Arboretum at Donovan Park showcases native trees to help Peorians plant their own on the 150th anniversary of Arbor Day
The Peoria area is bustling with all sorts of companies, restaurants, performance spaces, universities, and other organizations. However, an often overlooked part of our urbanized community is the expansive greenery that surrounds us on a daily basis.
Mike Miller is supervisor of Environmental Services at the Peoria Park District (PPD). He said Peoria has more than 1,600 acres of dedicated nature preserves within the district, and 8,600 acres of park lands within the Peoria region.
“The foresight of people back in the early 1960s, like the Forest Park Foundation, helped acquire a lot of the green space that we have today,” explained Miller.
These green spaces include places like the Forest Park Nature Center, Camp Wokanda, Sommer Farm, Robinson Park, and several others. Also included on the extensive list is Giant Oak Park, which is one of the district’s smallest parks, but is home to one of the largest, oldest trees in Peoria.
The Burr Oak is believed to be about 300 years old, with branches stretching at least 100 feet above a trunk that has a 13- foot circumference. Miller said while trees like this may not be one in a million in Peoria, they are about one in 10,000.
“They’re very rare. Trees here in central Illinois, there’s always something that’s trying to knock them down…our climate is not real conducive for things surviving as long as some of these trees have,” he said.
Trees as old and burly as the giant oak are more important than just being a sight to see. Their genetic makeup proves their ability to withstand changing climate, from ice storms to heavy winds. This is why Miller said it’s crucial that they replicate.
“It’s really important for the integrity of the forest that trees that can survive that long replicate and produce offspring so that the forest can survive and the good genetic stock of those individual trees moves on,” he said.
In order to aid in this replication process, Miller said he and his team periodically take acorns from the Burr Oak and raise them. Once they’re strong enough, they will be planted with others in the forest.
Other than humans planting trees in certain areas, a lot of environmental factors contribute to why different types of trees thrive in different locations.
“The soil, what type of soil is it…the soils can kind of dictate how moisture interplays with the tree…the aspect, is it on a slope, is it on flat ground, where is the groundwater in comparison to the top of the soil layer where the trees are growing? Those all kind of dictate what type of trees will grow in an area,” noted Miller.
We see these factors play out locally in a variety of ways. Areas near the Illinois River flood frequently, leading to Cotton and Silver Maple trees. On the bluff top near Bradley University, trees such as Oak and Hickories are commonly found.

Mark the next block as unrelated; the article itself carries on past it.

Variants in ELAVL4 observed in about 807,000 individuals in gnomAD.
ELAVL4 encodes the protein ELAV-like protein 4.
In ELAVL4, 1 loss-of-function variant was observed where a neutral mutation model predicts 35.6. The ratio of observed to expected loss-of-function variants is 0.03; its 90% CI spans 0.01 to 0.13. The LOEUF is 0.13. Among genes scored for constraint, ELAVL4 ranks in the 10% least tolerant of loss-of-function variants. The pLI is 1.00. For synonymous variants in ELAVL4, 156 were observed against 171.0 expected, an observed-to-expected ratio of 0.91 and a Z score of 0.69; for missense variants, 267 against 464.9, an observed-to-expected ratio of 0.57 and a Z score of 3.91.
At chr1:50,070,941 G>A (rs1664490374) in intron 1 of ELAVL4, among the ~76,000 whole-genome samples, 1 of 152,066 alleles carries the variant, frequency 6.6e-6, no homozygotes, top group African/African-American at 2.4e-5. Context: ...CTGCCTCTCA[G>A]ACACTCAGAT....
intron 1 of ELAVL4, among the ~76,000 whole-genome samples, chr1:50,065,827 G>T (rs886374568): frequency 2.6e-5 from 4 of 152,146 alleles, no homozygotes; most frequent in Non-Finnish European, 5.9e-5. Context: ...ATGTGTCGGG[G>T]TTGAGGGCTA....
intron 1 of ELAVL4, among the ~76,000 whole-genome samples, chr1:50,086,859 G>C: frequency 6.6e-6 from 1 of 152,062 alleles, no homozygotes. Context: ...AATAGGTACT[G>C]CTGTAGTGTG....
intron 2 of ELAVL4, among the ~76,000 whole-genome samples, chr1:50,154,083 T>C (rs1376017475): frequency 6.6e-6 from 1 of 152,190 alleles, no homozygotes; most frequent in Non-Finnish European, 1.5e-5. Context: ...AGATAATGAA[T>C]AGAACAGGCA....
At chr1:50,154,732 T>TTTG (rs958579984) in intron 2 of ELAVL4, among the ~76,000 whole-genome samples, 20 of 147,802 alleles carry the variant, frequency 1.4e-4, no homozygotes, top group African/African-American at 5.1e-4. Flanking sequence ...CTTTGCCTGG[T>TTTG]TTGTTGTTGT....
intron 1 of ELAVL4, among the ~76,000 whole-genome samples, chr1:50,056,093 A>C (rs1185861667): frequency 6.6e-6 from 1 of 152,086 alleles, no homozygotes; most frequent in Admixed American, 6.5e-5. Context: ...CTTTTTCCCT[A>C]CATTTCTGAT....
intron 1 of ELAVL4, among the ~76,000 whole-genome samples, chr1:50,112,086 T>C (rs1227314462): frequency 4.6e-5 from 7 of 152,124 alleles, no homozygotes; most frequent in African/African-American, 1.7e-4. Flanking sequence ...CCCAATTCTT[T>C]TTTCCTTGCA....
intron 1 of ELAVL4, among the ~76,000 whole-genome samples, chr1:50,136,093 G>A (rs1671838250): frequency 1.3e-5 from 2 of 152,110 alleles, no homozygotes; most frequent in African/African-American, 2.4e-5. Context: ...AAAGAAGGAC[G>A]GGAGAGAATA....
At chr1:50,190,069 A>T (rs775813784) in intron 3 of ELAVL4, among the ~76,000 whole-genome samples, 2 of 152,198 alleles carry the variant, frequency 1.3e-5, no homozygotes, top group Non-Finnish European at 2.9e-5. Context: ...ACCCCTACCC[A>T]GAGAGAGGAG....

“Oaks and Hickories are the types of trees that can survive prairie fires fairly successfully, so the fact that we had prairie here and prairie fires did happen naturally, the types of trees that survive the long term here had to be able to deal not only with the soil and the water, but also with the other ecosystems that were growing near them,” Miller said.
While the nature preserves in Peoria are forever protected, Miller said there’s a lot of woodlands that aren’t protected. And with the growing threat of climate change, he said there are a number of threats facing our forests today.
“One is just the outright human threat of, 'OK, let's go and log it and cut everything out of it' … you’re taking away that forest's integrity by heavily logging an area,” he said.
While cutting down a bunch of trees seems like an obvious threat, Miller said there is another threat that is much more subtle: invasive species.
“There are some non-native species that can infest a forest and really change the soil conditions and change the forest dynamic because they have no natural predators or enemies or anything here that controls their population, where the native trees do. That’s what we term as a benign neglect threat,” said Miller.
Keeping up with invasive species can be incredibly difficult when looking at hundreds of acres of forestry. As far as solutions go, Miller said the first tool is getting to know the forest by taking an inventory of the trees, plants and species. In that process, Miller said you can typically spot infestations that are preventing the forest from reaching its full potential.
For the average person who doesn’t know much about trees or forests, there’s still ways to help the greenery around Peoria thrive, and even add to it. Today, April 29, is Arbor day, a day known for planting and celebrating the trees that greet us every morning. If you want to celebrate the 150th anniversary of Arbor day this year by planting some trees, Miller offers a key consideration to make sure your tree contribution is helpful to the environment.
“There’s a lot of trees that know how to live here. By planting native trees…you’re doing a lot to protect not just the integrity of where we live, but you’re helping expand everything that’s good about places like Forest Park Nature Center and stuff in our parks into our neighborhoods.”
For those who need help determining which trees are native to central Illinois, Donovan Park has opened a new arboretum that showcases trees best suited to survive in the region. There also will be a planting day at the arboretum on at 1:30 p.m. May 6.
For more information on the Arbnet Arboretum Accreditation program, which provides the PPD with the resources needed to publicize the Donovan Park Arboretum as well as educational tools about the importance of woody plant appreciation, visit their website.